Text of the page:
Sometimes it's just not worth the trouble any more.
"There are guys who I respect and like who walked away from the space because it's just not worth the trouble any more," says Ken Levine in a Eurogamer interview. "Especially if you've got families and got lives." The Phil Fish debacle is on Levine's mind right now, along with the death threats sent to Call of Duty developer David Vonderhaar over a recent Black Ops 2 patch. "This is why the world often does not take gaming seriously," said Activision community manager Dan Amrich at the time, "this is why gamers are assumed to be immature, whiny assholes." But Levine goes to the heart of the problem: online abuse hurts gamers, in the long run. It forces developers to walk away from gaming, and puts unreasonable pressure on the remainder, by beating them into submission and disenfranchising them.
"The amount of pressure," says Levine. "I'm used to the pressure, but there may be a guy who's not like me, who doesn't have the experience, who will give into that pressure and release something that's not as good." Why get up in the morning and go to work, Levine argues, when you know full well you're only going to get insulted and abused, or have your family threatened? There are many great fans out there, Levine quickly acknowledges, and he always wants to make sure that the product he delivers is what those gamers really will enjoy. But sometimes, he knows, the pressure can get to developers, and that's where the problems start.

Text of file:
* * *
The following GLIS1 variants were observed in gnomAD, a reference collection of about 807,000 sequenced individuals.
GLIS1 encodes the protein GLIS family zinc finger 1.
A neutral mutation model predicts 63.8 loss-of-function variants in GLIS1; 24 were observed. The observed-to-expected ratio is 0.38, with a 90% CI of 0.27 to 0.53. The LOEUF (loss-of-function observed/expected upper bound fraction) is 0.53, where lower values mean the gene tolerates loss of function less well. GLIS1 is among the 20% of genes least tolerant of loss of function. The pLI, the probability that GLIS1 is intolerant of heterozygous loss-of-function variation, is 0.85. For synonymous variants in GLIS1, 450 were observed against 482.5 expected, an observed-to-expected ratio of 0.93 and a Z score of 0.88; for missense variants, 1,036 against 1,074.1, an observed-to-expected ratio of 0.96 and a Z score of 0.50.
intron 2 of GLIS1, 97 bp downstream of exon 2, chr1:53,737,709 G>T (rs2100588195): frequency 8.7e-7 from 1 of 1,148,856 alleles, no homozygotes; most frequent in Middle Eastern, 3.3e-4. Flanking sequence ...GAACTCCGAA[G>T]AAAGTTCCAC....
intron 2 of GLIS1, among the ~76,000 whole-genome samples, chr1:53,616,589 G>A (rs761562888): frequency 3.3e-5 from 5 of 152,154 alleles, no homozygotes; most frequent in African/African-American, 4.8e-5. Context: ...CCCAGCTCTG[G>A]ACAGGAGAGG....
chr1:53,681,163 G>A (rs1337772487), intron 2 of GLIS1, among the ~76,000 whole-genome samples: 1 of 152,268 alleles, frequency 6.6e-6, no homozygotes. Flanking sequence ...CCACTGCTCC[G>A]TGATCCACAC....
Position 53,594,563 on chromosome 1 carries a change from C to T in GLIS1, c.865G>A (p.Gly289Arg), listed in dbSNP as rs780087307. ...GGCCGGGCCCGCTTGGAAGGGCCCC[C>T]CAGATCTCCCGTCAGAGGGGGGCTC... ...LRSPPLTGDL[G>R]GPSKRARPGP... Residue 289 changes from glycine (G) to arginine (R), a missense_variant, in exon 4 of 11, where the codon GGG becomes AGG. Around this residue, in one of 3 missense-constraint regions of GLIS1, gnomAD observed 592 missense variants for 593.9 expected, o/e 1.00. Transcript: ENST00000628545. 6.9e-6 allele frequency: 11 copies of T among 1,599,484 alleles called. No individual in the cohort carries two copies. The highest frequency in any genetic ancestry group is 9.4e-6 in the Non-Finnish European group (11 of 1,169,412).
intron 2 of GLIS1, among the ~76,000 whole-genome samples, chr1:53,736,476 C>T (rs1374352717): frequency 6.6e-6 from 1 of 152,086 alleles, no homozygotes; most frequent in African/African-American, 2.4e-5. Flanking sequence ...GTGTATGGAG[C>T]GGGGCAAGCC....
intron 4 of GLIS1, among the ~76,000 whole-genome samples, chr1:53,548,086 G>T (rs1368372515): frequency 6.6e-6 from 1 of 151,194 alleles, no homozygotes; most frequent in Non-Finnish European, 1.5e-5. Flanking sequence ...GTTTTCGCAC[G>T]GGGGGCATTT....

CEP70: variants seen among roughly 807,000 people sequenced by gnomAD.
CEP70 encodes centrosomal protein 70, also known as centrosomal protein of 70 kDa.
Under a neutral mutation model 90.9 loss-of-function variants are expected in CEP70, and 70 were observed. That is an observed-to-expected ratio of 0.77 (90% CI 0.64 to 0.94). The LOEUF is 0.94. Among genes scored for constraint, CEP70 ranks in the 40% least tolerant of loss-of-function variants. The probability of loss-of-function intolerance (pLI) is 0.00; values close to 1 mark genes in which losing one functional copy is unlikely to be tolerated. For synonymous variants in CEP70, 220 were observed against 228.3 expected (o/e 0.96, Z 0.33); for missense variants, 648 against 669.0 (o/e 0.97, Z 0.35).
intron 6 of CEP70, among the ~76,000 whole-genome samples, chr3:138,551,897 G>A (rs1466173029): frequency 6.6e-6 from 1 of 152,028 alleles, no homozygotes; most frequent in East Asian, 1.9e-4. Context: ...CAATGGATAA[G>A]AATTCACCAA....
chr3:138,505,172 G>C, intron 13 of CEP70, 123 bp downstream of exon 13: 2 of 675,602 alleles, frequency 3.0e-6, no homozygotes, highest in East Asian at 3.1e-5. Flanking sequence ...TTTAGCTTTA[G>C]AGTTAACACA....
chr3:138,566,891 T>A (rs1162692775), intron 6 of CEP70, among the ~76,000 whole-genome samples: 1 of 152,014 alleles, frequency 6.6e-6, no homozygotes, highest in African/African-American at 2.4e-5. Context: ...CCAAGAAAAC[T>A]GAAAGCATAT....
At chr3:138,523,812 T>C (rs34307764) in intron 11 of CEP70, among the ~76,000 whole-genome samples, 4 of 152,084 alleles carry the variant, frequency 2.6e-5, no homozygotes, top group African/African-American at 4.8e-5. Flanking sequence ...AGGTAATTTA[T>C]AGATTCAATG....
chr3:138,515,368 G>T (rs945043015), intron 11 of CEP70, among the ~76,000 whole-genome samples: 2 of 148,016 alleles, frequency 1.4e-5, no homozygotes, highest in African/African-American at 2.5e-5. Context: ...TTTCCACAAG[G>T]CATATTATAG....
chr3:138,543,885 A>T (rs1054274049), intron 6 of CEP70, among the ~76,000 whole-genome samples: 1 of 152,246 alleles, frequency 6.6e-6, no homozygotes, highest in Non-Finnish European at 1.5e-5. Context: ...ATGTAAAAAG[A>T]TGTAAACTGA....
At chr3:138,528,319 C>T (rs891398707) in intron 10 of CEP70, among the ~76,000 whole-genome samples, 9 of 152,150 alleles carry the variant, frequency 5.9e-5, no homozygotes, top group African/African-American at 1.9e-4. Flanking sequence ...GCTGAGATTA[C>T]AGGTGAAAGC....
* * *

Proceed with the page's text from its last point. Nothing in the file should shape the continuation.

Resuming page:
It's not as if Levine's going anywhere; he's happy doing what he's doing, and loves his job. But it took him a long time to get to that point. "Everybody's entitled to do what they want to do," he says, "but just like the developer at some point is entitled to say, you know what? It just isn't worth it for me any more." Then gaming loses another creative, and the industry as a whole is the poorer for it.